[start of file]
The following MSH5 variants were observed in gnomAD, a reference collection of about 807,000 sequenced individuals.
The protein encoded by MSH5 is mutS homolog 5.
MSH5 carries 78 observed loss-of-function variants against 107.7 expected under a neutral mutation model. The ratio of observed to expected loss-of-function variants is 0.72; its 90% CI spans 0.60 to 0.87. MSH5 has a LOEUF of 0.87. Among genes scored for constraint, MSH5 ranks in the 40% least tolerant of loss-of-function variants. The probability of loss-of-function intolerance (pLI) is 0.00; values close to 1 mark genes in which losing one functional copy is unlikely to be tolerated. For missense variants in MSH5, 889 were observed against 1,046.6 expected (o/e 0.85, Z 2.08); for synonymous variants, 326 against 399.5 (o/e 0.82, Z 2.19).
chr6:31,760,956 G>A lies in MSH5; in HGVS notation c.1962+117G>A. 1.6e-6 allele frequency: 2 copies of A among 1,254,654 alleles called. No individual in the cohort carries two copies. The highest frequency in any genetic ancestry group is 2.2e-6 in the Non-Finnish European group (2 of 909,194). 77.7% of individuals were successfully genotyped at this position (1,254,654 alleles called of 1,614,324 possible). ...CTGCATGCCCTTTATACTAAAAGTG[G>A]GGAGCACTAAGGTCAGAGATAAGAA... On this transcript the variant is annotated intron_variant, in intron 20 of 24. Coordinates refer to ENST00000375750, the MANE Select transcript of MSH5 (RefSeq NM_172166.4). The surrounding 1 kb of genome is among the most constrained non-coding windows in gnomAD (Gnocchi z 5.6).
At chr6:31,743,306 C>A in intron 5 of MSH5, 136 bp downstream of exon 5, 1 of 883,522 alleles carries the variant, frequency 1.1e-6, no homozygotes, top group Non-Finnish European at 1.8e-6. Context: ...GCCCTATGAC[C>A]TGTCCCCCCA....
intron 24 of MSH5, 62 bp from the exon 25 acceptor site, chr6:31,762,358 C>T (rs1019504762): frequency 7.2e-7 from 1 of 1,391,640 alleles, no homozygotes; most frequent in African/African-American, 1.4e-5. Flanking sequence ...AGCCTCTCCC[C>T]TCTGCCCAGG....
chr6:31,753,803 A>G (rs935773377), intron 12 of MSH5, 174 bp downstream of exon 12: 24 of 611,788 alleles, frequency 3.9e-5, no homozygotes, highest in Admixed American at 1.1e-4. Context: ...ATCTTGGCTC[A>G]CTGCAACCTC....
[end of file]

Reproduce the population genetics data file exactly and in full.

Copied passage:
The following MSH5 variants were observed in gnomAD, a reference collection of about 807,000 sequenced individuals.
The protein encoded by MSH5 is mutS homolog 5.
MSH5 carries 78 observed loss-of-function variants against 107.7 expected under a neutral mutation model. The ratio of observed to expected loss-of-function variants is 0.72; its 90% CI spans 0.60 to 0.87. MSH5 has a LOEUF of 0.87. Among genes scored for constraint, MSH5 ranks in the 40% least tolerant of loss-of-function variants. The probability of loss-of-function intolerance (pLI) is 0.00; values close to 1 mark genes in which losing one functional copy is unlikely to be tolerated. For missense variants in MSH5, 889 were observed against 1,046.6 expected (o/e 0.85, Z 2.08); for synonymous variants, 326 against 399.5 (o/e 0.82, Z 2.19).
chr6:31,760,956 G>A lies in MSH5; in HGVS notation c.1962+117G>A. 1.6e-6 allele frequency: 2 copies of A among 1,254,654 alleles called. No individual in the cohort carries two copies. The highest frequency in any genetic ancestry group is 2.2e-6 in the Non-Finnish European group (2 of 909,194). 77.7% of individuals were successfully genotyped at this position (1,254,654 alleles called of 1,614,324 possible). ...CTGCATGCCCTTTATACTAAAAGTG[G>A]GGAGCACTAAGGTCAGAGATAAGAA... On this transcript the variant is annotated intron_variant, in intron 20 of 24. Coordinates refer to ENST00000375750, the MANE Select transcript of MSH5 (RefSeq NM_172166.4). The surrounding 1 kb of genome is among the most constrained non-coding windows in gnomAD (Gnocchi z 5.6).
At chr6:31,743,306 C>A in intron 5 of MSH5, 136 bp downstream of exon 5, 1 of 883,522 alleles carries the variant, frequency 1.1e-6, no homozygotes, top group Non-Finnish European at 1.8e-6. Context: ...GCCCTATGAC[C>A]TGTCCCCCCA....
intron 24 of MSH5, 62 bp from the exon 25 acceptor site, chr6:31,762,358 C>T (rs1019504762): frequency 7.2e-7 from 1 of 1,391,640 alleles, no homozygotes; most frequent in African/African-American, 1.4e-5. Flanking sequence ...AGCCTCTCCC[C>T]TCTGCCCAGG....
chr6:31,753,803 A>G (rs935773377), intron 12 of MSH5, 174 bp downstream of exon 12: 24 of 611,788 alleles, frequency 3.9e-5, no homozygotes, highest in Admixed American at 1.1e-4. Context: ...ATCTTGGCTC[A>G]CTGCAACCTC....